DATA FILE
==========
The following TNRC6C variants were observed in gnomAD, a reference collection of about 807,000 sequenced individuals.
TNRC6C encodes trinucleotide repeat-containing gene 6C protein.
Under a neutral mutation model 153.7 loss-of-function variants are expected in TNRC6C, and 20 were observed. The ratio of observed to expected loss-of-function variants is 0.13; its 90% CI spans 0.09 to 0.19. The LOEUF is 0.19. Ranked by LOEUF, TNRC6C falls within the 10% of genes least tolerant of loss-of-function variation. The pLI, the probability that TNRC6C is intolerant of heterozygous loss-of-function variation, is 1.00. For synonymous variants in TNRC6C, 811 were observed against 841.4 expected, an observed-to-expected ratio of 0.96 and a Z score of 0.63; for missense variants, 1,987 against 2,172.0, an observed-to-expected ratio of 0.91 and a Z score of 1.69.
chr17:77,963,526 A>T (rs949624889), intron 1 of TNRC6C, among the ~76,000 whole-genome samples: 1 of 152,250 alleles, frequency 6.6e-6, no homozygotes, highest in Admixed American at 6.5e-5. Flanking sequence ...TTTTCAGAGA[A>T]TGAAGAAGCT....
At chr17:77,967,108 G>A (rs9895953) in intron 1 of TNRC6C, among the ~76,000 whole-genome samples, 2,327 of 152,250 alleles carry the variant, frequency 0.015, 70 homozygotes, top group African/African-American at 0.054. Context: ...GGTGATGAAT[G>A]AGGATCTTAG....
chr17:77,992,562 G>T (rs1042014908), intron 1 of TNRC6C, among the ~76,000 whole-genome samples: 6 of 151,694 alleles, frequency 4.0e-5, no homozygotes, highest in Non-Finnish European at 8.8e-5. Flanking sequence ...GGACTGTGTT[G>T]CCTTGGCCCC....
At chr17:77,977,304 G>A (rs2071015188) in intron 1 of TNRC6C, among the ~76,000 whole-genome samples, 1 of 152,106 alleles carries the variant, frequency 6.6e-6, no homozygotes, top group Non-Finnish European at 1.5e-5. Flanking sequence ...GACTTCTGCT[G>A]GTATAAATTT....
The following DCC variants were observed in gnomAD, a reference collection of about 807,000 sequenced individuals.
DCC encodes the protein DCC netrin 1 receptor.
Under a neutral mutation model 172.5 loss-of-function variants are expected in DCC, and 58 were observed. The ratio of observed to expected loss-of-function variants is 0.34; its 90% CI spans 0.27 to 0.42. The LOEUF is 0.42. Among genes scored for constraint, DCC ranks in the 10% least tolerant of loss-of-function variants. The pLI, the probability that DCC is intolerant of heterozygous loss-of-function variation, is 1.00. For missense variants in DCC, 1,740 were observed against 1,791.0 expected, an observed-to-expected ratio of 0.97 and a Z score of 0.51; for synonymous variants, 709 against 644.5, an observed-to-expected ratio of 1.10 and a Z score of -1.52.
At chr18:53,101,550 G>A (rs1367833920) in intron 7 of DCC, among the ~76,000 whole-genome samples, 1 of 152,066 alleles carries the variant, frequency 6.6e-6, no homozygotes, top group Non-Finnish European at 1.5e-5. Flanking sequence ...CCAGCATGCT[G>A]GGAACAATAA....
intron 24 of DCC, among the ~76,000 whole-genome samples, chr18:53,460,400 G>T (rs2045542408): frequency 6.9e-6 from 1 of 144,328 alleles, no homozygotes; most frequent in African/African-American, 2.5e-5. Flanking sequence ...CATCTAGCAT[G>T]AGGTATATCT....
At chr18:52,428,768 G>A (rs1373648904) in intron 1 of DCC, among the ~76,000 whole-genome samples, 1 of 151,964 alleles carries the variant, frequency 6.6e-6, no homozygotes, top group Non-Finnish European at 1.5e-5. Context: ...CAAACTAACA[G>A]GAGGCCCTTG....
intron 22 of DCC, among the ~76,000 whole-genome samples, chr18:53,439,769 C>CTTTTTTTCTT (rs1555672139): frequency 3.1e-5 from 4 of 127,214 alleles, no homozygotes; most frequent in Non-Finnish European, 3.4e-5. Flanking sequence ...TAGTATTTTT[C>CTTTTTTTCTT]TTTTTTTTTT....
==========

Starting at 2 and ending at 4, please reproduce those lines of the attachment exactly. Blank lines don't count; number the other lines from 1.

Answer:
TNRC6C encodes trinucleotide repeat-containing gene 6C protein.
Under a neutral mutation model 153.7 loss-of-function variants are expected in TNRC6C, and 20 were observed. The ratio of observed to expected loss-of-function variants is 0.13; its 90% CI spans 0.09 to 0.19. The LOEUF is 0.19. Ranked by LOEUF, TNRC6C falls within the 10% of genes least tolerant of loss-of-function variation. The pLI, the probability that TNRC6C is intolerant of heterozygous loss-of-function variation, is 1.00. For synonymous variants in TNRC6C, 811 were observed against 841.4 expected, an observed-to-expected ratio of 0.96 and a Z score of 0.63; for missense variants, 1,987 against 2,172.0, an observed-to-expected ratio of 0.91 and a Z score of 1.69.
chr17:77,963,526 A>T (rs949624889), intron 1 of TNRC6C, among the ~76,000 whole-genome samples: 1 of 152,250 alleles, frequency 6.6e-6, no homozygotes, highest in Admixed American at 6.5e-5. Flanking sequence ...TTTTCAGAGA[A>T]TGAAGAAGCT....